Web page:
Voteers in election line

An election of constitutional norms versus changing rules

Victor Davis Hanson of National Review Online explores one important aspect of the choice in this year’s presidential race.

An inert Biden is playing the role of good ol’ Joe from Scranton, while his supporters hope not to change not only the presidency but also the very rules of how America has been governed for decades and even centuries.

Not long ago, the Left favored the Electoral College. California, New York, and Illinois automatically gave Democrats more than 100 Electoral College votes.

The Left bragged that their “Blue Wall” lock on solidly Democratic, union-heavy Midwestern states had ensured Barack Obama two presidential terms — and in 2016 would guarantee Hillary Clinton the presidency as well.

But in 2016, the Blue wall crumbled — perhaps permanently.

Now, furious progressives plan to end the constitutionally mandated Electoral College by hook or crook. They feel that it no longer serves their election purposes.

Ditto the traditional structure of the Supreme Court. …

… If elected president, Joe Biden would likely “pack” the Supreme Court with additional slots. That enlargement would ensure new activist left-wing justices.

In other words, the 151-year tradition of a Supreme Court with nine justices would end.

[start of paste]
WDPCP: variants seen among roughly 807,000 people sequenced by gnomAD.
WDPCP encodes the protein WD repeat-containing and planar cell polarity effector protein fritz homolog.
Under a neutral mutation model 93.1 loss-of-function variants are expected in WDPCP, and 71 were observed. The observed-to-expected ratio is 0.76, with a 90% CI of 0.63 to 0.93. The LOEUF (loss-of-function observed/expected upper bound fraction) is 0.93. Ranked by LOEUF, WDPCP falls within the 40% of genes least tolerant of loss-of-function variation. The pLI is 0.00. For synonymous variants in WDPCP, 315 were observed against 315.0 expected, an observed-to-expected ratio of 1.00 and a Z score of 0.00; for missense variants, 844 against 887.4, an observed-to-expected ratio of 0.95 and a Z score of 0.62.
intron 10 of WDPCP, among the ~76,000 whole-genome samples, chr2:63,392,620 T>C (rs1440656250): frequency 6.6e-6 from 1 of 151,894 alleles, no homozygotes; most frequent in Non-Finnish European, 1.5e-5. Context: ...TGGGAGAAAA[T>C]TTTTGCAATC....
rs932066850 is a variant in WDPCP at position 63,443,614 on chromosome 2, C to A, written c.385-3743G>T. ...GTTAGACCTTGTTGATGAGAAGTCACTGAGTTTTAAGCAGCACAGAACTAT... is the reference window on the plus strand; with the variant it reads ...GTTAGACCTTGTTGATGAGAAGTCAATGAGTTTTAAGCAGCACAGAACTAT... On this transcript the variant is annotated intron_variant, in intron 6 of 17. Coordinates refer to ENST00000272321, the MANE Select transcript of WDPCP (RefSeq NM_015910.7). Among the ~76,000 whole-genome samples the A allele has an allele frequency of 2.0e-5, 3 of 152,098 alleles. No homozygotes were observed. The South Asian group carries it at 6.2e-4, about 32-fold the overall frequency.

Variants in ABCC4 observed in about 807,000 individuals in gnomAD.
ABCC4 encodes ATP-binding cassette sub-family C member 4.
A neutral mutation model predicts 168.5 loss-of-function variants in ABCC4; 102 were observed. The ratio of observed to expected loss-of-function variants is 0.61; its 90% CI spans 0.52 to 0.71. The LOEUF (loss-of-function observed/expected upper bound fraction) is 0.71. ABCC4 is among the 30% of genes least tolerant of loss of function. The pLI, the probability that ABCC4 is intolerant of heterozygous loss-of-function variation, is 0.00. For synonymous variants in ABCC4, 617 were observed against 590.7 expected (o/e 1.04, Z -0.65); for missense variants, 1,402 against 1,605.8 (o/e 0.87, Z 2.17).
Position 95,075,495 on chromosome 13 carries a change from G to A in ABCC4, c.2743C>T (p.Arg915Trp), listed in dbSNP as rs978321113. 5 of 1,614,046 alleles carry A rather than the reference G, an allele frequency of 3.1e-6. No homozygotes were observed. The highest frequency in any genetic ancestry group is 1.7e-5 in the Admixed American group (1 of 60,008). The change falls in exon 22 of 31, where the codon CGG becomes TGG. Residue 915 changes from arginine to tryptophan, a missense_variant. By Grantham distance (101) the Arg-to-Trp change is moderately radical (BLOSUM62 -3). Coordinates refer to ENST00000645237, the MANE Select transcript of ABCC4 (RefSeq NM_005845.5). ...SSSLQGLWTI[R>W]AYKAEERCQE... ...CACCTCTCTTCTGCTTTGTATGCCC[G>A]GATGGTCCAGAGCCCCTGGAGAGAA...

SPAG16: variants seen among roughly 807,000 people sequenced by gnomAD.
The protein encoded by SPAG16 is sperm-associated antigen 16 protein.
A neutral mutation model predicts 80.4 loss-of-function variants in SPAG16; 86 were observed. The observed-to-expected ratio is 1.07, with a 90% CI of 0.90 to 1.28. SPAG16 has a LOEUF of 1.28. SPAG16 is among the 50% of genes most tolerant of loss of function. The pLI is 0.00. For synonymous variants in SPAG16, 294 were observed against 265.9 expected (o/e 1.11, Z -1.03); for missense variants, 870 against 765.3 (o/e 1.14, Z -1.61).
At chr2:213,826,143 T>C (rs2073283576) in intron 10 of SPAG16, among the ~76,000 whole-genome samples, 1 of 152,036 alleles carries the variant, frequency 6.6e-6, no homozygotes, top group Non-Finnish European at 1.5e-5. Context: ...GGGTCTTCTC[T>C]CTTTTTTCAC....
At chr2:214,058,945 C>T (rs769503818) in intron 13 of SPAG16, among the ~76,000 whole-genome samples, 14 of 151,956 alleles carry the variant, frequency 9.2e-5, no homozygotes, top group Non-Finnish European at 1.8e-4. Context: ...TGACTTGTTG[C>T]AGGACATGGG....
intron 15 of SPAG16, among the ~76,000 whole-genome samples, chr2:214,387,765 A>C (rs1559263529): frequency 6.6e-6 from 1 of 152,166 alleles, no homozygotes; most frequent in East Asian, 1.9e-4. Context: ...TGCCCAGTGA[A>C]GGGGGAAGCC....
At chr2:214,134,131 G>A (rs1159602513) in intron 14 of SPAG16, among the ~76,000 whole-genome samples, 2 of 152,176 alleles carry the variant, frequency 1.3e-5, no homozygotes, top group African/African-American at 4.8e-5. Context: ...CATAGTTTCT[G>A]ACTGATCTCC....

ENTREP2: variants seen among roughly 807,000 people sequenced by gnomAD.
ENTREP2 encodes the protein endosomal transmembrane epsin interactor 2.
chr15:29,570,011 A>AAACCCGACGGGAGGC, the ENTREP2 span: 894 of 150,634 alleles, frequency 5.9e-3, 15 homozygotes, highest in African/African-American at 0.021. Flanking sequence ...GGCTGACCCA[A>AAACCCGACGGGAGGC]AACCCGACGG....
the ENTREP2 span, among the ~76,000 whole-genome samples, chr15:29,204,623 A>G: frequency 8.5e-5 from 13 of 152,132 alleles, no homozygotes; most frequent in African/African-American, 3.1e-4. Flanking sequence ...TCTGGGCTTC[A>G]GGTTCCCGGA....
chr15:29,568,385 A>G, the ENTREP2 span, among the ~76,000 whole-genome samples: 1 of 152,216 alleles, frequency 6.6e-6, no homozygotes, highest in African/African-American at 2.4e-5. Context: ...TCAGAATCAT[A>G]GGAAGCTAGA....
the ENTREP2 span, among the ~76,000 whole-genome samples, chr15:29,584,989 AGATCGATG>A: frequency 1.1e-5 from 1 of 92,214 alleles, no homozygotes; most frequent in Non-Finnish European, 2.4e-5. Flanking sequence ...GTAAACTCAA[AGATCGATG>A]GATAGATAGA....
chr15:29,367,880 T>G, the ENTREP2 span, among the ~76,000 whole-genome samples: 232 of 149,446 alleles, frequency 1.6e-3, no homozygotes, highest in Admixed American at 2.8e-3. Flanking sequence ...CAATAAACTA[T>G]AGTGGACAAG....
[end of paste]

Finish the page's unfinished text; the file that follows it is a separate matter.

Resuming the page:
The Left also wants to pack the Senate — and change the rules. Puerto Rico and Washington, D.C., would become new states. Their admission would end the tradition of 50-state America and would likely mean another four Democratic senators.

A Biden presidency and Democratic-controlled Senate would also quickly kill off what is left of the filibuster. Democrats wish to ensure that any surviving Republican minority could not impede progressive agendas in the same manner that the Democratic minority has stopped Republican legislation in recent years.

In sum, the 2020 election is not just about Joe Biden. …

… It is really a choice between changing rules when they are deemed inconvenient and respecting constitutional norms and long-held traditions that have served America well for many years.

Mitch Kokai / Senior Political Analyst

Mitch Kokai is senior political analyst for the John Locke Foundation. He joined JLF in December 2005 as director of communications. That followed more than four years as chie...